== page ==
Artists shouldn't depend on that method to protect their interests, legal expert Crowne said. Artists, writers and musicians can register their work at copyright.gov electronically for a filing fee of $35 per item. The application for visual art works must be accompanied by photographs of the item.
But not all artwork can be copyrighted — familiar symbols or designs or mere variations of typographic ornamentation, lettering or coloring are excluded.
“The fundamental requirement for copyright is that the work is original,” Crowne said. If some elements are marginally original, then your rights are much narrower,” he said.
Winning a case can be a challenge. Someone who alleges “copyright infringement must show that copying took place and that it's not just a similarity,” Crowne said.
Terry Hart, director of legal policy at the Copyright Alliance, said there has been explosion of copying since the advent of the Internet. The nonprofit group represents the interests of creators, visual artists and musicians. Individuals who believe their work has been pirated should contact a lawyer versed in copyright or entertainment law, Hart said.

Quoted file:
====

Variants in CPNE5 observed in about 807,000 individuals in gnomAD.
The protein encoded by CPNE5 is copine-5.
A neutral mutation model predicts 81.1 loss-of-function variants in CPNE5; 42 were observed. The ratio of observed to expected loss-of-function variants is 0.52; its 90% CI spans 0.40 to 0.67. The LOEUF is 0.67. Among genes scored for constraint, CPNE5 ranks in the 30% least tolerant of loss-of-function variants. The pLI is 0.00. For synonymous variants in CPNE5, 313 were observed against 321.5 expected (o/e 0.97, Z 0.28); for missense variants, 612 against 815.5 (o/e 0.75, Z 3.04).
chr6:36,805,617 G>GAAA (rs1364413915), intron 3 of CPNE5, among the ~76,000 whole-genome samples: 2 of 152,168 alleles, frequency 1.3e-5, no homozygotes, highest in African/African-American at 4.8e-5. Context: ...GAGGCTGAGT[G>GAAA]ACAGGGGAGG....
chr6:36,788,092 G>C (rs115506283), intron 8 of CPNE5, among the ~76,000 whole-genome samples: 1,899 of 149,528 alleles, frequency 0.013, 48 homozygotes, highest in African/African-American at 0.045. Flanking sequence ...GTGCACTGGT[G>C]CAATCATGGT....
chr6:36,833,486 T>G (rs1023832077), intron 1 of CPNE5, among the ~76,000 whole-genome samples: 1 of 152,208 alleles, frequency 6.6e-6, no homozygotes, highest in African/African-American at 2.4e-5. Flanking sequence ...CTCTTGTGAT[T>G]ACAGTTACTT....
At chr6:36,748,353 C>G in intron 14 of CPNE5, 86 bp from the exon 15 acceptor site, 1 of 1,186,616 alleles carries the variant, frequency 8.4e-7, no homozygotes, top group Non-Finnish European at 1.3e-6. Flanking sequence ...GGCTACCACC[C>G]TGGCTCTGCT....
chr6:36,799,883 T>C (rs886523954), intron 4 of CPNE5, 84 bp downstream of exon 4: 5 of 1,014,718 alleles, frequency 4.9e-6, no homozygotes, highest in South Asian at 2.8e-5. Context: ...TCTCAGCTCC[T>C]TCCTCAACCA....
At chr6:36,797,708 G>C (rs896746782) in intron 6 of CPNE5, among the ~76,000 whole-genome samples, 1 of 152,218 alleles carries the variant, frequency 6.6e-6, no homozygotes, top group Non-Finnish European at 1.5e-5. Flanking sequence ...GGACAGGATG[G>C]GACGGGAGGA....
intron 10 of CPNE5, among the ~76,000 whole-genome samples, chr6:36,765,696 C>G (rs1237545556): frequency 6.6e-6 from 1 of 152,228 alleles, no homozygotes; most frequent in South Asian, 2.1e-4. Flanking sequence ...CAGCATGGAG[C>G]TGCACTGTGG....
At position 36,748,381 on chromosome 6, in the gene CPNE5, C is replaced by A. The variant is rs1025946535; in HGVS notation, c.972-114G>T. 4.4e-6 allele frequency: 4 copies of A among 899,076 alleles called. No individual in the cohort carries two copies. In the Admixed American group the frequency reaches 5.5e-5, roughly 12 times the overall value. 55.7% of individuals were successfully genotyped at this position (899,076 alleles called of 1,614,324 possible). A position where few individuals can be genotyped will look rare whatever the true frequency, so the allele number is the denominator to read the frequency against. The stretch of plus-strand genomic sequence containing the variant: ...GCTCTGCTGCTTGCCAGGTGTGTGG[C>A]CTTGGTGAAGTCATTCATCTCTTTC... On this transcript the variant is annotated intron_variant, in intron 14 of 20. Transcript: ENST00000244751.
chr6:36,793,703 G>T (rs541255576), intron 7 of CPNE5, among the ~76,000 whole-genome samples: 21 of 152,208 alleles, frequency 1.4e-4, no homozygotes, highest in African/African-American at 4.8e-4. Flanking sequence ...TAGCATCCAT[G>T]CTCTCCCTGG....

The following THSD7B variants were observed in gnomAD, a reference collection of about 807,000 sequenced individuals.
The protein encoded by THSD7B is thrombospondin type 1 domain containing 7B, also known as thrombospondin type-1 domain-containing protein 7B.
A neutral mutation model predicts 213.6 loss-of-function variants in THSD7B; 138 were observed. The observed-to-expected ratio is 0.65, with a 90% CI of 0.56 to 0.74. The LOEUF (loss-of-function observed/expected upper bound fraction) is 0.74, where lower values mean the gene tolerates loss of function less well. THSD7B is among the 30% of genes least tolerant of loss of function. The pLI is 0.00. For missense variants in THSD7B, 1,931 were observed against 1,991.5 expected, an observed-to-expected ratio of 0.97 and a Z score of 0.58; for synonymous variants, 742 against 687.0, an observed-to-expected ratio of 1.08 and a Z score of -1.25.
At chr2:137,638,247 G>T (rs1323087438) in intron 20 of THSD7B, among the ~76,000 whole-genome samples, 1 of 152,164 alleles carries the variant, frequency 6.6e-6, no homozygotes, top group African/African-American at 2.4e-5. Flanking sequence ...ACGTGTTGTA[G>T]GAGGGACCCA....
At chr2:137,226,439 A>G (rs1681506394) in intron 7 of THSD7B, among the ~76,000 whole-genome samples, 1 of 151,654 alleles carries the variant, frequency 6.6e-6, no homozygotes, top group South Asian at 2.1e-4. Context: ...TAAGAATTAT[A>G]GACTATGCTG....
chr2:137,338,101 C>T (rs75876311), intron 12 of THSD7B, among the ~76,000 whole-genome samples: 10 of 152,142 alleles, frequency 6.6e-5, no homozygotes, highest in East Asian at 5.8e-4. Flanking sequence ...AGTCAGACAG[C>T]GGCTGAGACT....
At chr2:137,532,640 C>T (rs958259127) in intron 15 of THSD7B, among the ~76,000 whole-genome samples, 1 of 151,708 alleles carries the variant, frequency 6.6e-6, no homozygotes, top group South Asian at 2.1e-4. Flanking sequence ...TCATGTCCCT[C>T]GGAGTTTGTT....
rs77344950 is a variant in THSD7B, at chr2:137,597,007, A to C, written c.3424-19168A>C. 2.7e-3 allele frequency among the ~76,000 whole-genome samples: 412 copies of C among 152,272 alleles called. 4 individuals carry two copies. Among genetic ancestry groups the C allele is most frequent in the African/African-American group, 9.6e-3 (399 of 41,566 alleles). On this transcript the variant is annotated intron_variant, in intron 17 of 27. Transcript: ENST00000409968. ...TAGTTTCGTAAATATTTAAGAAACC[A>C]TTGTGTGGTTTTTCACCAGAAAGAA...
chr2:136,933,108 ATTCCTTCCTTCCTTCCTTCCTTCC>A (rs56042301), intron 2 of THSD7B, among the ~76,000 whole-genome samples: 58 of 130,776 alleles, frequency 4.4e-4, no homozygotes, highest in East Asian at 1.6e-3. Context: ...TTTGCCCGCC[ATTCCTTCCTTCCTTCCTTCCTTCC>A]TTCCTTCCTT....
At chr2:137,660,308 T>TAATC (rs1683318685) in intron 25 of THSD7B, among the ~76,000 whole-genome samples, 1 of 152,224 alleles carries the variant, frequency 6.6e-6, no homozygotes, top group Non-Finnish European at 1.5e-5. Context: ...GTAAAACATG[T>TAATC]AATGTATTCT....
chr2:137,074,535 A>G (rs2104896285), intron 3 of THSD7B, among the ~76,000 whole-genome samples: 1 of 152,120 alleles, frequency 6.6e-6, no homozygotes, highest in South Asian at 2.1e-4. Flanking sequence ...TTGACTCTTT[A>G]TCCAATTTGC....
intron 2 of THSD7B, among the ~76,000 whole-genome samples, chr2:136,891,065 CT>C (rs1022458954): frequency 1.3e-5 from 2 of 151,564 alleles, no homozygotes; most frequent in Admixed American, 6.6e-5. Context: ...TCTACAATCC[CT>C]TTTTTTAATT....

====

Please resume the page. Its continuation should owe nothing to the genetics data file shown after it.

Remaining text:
Although some attorneys will take a good copyright infringement case on contingency, said Crowne, many independent artists say they don't have the means to pursue a copyright violation. “It's terribly expensive to fight this stuff,” Kirchner said.
Congdon's decision to pursue her case is unusual.
Jorde, Cody Foster's attorney, said that when contacted by a designer or artist who believes a product may have similarities to something they claim is their original work, Cody Foster is quick to respond and work with them. “This may mean ceasing production of an item or pulling the product offering until the issue is fully investigated.”
“It's nothing new for people to claim 'that looks like something I've done,'” Jorde said.
He said he did not know how many times Cody Foster has pulled the plug on an item.
“That's happened and it's not uncommon,” the attorney said. “It's an industrywide issue.”